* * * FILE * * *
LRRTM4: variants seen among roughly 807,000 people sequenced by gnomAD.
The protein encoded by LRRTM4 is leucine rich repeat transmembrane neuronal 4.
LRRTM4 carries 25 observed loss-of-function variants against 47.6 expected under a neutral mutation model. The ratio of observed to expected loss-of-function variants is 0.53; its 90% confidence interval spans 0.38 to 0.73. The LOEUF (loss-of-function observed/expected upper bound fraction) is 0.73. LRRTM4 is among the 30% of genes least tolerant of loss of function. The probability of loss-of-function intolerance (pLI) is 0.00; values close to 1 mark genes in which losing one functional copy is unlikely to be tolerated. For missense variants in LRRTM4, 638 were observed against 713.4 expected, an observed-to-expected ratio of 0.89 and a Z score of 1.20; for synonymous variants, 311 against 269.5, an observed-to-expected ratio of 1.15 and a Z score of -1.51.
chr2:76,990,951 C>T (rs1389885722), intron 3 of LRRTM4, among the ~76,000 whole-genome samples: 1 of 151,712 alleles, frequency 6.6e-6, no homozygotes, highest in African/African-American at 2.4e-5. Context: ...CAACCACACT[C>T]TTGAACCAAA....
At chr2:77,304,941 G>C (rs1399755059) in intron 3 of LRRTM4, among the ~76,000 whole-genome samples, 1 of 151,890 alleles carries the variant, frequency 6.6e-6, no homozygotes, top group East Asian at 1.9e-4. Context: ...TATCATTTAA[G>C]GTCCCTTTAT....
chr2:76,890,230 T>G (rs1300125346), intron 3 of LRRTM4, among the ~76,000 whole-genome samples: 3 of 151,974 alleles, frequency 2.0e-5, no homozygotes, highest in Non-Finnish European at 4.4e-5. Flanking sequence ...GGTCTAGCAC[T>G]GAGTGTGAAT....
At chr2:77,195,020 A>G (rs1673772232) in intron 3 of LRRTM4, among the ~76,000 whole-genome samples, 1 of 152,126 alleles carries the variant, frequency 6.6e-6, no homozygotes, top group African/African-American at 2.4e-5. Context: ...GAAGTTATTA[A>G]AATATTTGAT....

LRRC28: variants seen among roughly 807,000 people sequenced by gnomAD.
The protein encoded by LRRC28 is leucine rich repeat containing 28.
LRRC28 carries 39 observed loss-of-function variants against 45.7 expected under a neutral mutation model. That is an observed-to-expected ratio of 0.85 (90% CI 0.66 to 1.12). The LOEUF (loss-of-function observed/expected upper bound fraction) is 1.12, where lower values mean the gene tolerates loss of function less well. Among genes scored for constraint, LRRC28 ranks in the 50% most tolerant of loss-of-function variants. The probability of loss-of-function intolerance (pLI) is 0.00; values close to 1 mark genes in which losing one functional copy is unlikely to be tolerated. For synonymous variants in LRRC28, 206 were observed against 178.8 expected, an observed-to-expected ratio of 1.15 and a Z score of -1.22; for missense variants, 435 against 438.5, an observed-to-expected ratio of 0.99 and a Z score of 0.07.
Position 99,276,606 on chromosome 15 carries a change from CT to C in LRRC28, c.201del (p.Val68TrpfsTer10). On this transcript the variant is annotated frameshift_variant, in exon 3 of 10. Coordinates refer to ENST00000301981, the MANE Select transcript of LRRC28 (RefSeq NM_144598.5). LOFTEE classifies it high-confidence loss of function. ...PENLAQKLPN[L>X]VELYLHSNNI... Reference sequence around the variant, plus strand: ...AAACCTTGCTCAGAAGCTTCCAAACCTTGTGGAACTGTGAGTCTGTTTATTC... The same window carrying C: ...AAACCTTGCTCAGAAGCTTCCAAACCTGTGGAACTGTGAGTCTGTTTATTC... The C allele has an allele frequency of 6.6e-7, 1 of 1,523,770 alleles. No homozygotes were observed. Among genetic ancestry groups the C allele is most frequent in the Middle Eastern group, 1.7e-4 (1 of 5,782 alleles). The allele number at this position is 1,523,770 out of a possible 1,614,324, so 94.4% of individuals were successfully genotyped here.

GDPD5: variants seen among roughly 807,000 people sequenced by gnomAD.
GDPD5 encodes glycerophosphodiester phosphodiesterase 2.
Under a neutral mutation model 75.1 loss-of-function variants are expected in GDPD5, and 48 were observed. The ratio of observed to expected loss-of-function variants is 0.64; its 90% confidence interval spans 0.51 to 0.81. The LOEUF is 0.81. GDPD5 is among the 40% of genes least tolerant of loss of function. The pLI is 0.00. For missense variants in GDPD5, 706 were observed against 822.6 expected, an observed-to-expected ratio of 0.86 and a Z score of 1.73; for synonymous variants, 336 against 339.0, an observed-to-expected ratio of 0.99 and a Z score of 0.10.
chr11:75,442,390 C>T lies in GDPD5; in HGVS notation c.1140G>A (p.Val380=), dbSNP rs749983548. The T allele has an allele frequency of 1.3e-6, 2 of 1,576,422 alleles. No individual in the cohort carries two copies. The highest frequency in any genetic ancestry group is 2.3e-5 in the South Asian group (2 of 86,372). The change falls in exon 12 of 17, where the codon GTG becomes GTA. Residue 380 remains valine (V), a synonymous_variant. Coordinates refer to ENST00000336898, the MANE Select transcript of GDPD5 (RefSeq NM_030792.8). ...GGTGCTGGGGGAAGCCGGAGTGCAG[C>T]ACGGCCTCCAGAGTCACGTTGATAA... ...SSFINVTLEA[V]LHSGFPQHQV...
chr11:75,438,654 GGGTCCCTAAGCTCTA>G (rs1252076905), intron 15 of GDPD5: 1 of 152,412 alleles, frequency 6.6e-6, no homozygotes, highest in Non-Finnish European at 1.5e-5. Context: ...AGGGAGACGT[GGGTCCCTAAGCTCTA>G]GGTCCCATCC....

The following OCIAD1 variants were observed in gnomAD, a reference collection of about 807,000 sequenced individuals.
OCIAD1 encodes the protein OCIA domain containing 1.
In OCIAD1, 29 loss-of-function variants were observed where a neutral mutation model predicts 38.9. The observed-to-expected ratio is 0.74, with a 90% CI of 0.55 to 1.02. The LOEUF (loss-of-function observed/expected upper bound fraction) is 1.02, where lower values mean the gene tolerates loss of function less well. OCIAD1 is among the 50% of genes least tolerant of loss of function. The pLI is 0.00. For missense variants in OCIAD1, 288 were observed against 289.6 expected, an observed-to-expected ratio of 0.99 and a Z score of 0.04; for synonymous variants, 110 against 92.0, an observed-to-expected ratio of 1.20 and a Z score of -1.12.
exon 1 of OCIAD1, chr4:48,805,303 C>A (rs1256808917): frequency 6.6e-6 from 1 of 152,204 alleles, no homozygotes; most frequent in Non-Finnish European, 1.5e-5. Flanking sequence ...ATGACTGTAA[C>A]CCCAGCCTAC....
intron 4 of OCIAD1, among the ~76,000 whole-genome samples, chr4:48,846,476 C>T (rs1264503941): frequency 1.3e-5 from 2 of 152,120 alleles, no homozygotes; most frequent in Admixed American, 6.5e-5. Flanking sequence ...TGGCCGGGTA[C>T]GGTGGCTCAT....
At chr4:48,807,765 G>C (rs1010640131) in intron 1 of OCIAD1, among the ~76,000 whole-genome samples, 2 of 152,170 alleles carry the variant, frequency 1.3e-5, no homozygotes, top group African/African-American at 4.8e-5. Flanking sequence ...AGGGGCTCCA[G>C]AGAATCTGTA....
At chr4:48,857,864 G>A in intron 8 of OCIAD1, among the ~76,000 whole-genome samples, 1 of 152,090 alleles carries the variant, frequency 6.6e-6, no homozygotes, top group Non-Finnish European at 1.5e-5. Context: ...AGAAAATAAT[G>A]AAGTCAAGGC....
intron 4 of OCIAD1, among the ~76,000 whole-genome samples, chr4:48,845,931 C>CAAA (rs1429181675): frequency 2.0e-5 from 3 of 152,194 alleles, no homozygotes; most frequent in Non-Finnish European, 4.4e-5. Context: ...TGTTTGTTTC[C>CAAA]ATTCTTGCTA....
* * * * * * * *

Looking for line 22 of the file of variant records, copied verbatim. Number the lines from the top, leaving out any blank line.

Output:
At chr4:48,807,765 G>C (rs1010640131) in intron 1 of OCIAD1, among the ~76,000 whole-genome samples, 2 of 152,170 alleles carry the variant, frequency 1.3e-5, no homozygotes, top group African/African-American at 4.8e-5. Flanking sequence ...AGGGGCTCCA[G>C]AGAATCTGTA....